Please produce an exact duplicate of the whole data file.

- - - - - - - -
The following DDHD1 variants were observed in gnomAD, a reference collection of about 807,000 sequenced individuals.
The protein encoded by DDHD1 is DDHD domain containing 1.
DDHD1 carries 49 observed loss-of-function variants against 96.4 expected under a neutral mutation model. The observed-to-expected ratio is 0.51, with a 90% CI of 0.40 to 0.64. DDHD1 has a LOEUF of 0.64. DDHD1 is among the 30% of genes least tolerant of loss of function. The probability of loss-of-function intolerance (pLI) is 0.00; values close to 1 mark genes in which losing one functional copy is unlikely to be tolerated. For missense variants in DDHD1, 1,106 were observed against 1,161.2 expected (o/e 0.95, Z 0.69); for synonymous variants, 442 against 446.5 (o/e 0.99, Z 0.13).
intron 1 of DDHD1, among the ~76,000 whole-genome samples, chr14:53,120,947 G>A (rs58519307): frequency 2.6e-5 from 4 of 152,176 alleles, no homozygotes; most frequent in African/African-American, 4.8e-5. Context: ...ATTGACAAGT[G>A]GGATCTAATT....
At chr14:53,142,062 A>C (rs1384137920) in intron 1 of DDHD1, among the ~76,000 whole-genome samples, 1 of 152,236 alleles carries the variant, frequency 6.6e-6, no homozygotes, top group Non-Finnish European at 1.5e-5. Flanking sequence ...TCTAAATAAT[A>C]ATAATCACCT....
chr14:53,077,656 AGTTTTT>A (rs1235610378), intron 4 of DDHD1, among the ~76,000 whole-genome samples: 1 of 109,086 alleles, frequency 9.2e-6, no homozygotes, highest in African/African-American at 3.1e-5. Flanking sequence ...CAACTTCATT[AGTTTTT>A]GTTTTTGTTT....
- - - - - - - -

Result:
The following DDHD1 variants were observed in gnomAD, a reference collection of about 807,000 sequenced individuals.
The protein encoded by DDHD1 is DDHD domain containing 1.
DDHD1 carries 49 observed loss-of-function variants against 96.4 expected under a neutral mutation model. The observed-to-expected ratio is 0.51, with a 90% CI of 0.40 to 0.64. DDHD1 has a LOEUF of 0.64. DDHD1 is among the 30% of genes least tolerant of loss of function. The probability of loss-of-function intolerance (pLI) is 0.00; values close to 1 mark genes in which losing one functional copy is unlikely to be tolerated. For missense variants in DDHD1, 1,106 were observed against 1,161.2 expected (o/e 0.95, Z 0.69); for synonymous variants, 442 against 446.5 (o/e 0.99, Z 0.13).
intron 1 of DDHD1, among the ~76,000 whole-genome samples, chr14:53,120,947 G>A (rs58519307): frequency 2.6e-5 from 4 of 152,176 alleles, no homozygotes; most frequent in African/African-American, 4.8e-5. Context: ...ATTGACAAGT[G>A]GGATCTAATT....
At chr14:53,142,062 A>C (rs1384137920) in intron 1 of DDHD1, among the ~76,000 whole-genome samples, 1 of 152,236 alleles carries the variant, frequency 6.6e-6, no homozygotes, top group Non-Finnish European at 1.5e-5. Flanking sequence ...TCTAAATAAT[A>C]ATAATCACCT....
chr14:53,077,656 AGTTTTT>A (rs1235610378), intron 4 of DDHD1, among the ~76,000 whole-genome samples: 1 of 109,086 alleles, frequency 9.2e-6, no homozygotes, highest in African/African-American at 3.1e-5. Flanking sequence ...CAACTTCATT[AGTTTTT>A]GTTTTTGTTT....